Five Fascinating Facts about Adelaide Anne Procter
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A short biography of Adelaide Anne Procter, one of the most popular poets of the Victorian age
She may not be a famous name in the world of English literature nowadays, but Adelaide Anne Procter (1825-1864) once enjoyed considerable popularity. Who was Adelaide Anne Procter, and what did she write?
1. Adelaide Anne Procter co-wrote ghost stories with Dickens. It was Charles Dickens who published much of Procter’s work in his periodicals Household Words and All the Year Round, and Procter even worked with Dickens, as well as Dickens’s friend Wilkie Collins, on several Christmas ghost stories, ‘A House To Let’ and ‘The Haunted House’. Elizabeth Gaskell, another author Dickens published, was another contributor to ‘The Haunted House’.
2. Dickens was a family friend, but that wasn’t why he published her work. When she first submitted her poetry to Dickens for possible inclusion in his Household Words, Procter feared that her work would be accepted because of her father’s friendship with the editor rather than because it was good enough for publication. (Procter’s father, a lawyer, also wrote poetry under the name Barry Cornwall.) So she decided to submit her work under a pseudonym, ‘Miss Mary Berwick’. Dickens loved her work and published it, only realising later that the author was already known to him. In 1866, Dickens even contributed a foreword to the (posthumous) reprint of her 1858 volume Legends and Lyrics.
4. Her first poems were published while she was still a teenager. A precocious talent, Procter – who had been born in 1825 – dictated her earliest poems to her mother, before she had even learnt to write. In 1843, her first poem, ‘Ministering Angels’, appeared in print. In 1851, she converted to Roman Catholicism and the influence of her Catholic faith can be seen in her later poems, many of which refer to the Virgin Mary. To modern readers her poetry is emblematic of Victorian writing: sentimental (often excessively so) and pious.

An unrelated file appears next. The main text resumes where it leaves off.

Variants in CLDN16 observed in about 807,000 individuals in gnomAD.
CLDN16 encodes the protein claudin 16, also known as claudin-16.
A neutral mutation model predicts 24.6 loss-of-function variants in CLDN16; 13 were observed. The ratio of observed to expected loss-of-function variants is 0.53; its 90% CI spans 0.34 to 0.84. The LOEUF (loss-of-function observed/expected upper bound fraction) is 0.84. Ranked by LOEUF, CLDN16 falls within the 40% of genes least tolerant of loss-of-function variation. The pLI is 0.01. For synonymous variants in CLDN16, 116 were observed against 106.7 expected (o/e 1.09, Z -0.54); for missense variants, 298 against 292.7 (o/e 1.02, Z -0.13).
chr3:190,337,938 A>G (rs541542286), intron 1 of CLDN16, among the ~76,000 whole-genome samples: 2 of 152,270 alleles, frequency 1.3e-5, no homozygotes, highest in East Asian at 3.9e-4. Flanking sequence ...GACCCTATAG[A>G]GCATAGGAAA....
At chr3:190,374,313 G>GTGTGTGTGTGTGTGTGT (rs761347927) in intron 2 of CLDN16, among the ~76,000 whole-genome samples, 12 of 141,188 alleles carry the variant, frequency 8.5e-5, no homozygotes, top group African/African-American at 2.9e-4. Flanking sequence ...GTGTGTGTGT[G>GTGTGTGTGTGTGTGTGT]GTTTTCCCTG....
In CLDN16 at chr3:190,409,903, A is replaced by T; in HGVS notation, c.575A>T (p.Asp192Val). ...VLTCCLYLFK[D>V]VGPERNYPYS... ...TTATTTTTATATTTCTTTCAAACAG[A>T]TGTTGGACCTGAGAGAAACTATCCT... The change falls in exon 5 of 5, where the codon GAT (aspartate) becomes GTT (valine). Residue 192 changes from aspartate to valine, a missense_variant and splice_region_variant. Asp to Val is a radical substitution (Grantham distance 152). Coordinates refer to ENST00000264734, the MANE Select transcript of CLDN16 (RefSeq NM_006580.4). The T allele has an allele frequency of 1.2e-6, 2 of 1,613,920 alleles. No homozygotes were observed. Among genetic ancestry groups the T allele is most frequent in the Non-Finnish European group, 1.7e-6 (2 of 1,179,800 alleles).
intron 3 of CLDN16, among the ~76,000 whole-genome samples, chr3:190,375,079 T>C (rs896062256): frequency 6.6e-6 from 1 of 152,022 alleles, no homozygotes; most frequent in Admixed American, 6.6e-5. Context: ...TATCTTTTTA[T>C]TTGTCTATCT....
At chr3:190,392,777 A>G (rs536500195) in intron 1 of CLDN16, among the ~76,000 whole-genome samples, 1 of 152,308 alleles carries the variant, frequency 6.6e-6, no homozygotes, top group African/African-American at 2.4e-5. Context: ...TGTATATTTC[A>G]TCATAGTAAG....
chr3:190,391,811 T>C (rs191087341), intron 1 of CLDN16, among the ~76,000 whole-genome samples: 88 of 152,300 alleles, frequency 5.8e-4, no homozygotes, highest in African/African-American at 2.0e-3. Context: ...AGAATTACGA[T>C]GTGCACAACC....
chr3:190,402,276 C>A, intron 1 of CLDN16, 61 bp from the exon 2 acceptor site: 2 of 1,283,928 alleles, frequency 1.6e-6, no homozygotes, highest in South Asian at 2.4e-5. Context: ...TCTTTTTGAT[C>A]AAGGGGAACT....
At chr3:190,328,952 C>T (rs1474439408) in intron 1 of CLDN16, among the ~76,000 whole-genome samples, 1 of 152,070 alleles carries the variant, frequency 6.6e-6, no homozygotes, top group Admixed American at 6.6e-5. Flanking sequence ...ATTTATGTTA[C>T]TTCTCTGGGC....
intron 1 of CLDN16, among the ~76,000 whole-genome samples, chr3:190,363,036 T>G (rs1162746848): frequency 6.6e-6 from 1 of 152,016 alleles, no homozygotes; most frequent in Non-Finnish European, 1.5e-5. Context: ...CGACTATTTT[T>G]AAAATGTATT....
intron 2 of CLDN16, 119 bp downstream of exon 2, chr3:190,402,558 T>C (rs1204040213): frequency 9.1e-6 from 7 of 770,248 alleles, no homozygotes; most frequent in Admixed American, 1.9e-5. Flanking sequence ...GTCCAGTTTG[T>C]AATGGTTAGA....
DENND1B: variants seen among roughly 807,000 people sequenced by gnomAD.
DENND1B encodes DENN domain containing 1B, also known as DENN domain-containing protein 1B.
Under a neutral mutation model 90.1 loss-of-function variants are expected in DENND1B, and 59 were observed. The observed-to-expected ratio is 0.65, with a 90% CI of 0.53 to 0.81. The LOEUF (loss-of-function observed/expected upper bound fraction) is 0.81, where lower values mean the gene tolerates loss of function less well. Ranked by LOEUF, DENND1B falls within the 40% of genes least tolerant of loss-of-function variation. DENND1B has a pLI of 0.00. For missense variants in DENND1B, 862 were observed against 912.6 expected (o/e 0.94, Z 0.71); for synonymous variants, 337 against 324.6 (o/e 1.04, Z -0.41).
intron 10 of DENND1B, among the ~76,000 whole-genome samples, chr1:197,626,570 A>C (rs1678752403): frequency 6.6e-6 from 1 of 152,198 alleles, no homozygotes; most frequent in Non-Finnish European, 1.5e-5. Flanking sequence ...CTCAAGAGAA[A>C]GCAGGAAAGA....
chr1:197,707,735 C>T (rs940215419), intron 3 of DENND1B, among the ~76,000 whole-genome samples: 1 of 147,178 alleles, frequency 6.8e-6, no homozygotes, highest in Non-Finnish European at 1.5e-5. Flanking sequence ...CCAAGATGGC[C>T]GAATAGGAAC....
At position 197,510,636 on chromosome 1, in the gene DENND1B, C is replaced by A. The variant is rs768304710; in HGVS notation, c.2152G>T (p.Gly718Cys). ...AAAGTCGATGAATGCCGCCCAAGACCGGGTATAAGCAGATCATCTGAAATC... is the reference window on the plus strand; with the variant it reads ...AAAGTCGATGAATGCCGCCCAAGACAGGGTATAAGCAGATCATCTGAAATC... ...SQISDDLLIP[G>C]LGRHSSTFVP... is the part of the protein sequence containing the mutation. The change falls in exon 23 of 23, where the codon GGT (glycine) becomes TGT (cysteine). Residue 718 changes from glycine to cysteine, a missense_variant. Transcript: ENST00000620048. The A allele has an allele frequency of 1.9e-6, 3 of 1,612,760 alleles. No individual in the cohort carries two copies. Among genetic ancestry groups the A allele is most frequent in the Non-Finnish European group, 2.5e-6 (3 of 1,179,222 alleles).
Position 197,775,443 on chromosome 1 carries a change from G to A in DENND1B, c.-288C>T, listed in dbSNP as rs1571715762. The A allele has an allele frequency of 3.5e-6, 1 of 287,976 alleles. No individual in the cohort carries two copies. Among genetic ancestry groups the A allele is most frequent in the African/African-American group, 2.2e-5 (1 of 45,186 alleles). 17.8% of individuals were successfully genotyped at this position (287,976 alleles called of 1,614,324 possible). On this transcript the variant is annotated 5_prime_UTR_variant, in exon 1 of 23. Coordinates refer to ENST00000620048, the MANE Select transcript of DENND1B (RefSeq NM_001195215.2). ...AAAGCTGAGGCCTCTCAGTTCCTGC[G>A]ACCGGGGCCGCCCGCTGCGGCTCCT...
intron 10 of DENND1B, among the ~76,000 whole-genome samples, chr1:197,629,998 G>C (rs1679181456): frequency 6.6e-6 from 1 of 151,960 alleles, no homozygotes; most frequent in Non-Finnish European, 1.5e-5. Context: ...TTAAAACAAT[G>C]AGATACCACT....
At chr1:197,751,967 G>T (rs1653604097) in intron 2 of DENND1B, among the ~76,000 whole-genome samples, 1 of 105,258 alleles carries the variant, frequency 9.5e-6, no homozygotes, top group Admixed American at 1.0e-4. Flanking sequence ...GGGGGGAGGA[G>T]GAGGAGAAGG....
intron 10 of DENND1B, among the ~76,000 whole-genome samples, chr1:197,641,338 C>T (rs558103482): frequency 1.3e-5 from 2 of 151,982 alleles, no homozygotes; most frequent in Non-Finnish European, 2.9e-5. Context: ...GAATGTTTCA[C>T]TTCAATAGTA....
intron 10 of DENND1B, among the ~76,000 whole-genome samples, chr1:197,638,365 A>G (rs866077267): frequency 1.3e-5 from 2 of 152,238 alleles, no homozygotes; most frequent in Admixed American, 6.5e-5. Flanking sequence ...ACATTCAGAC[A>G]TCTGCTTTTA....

5. She was hugely popular during her lifetime. At the height of her fame, demand for Adelaide Anne Procter’s poetry was exceeded only by that for a new Tennyson poem – according to another contemporary, Coventry Patmore (who coined the famous phrase ‘the angel in the house’). Adelaide Anne Procter died in 1864, of tuberculosis, aged just 38. (The press described her death as a ‘national calamity’.) But her work continued to find an appreciative readership in the ensuing decades, with a number of her poems being turned into hymns. Perhaps her most famous poem is ‘The Lost Chord’, which Arthur Sullivan set to music in 1877. Yet Procter herself is more or less forgotten now. Is such neglect fair? Judge for yourself. You can read ‘The Lost Chord’ here.
Image: Opening bars of ‘The Lost Chord’ by Arthur Sullivan, 1877; Wikimedia Commons.
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Posted on November 9, 2015, in Literature and tagged Adelaide Anne Procter, Biography, Books, Classics, English Literature, Facts, Famous Authors, Literature, Poetry, Victorian literature. Bookmark the permalink. 1 Comment.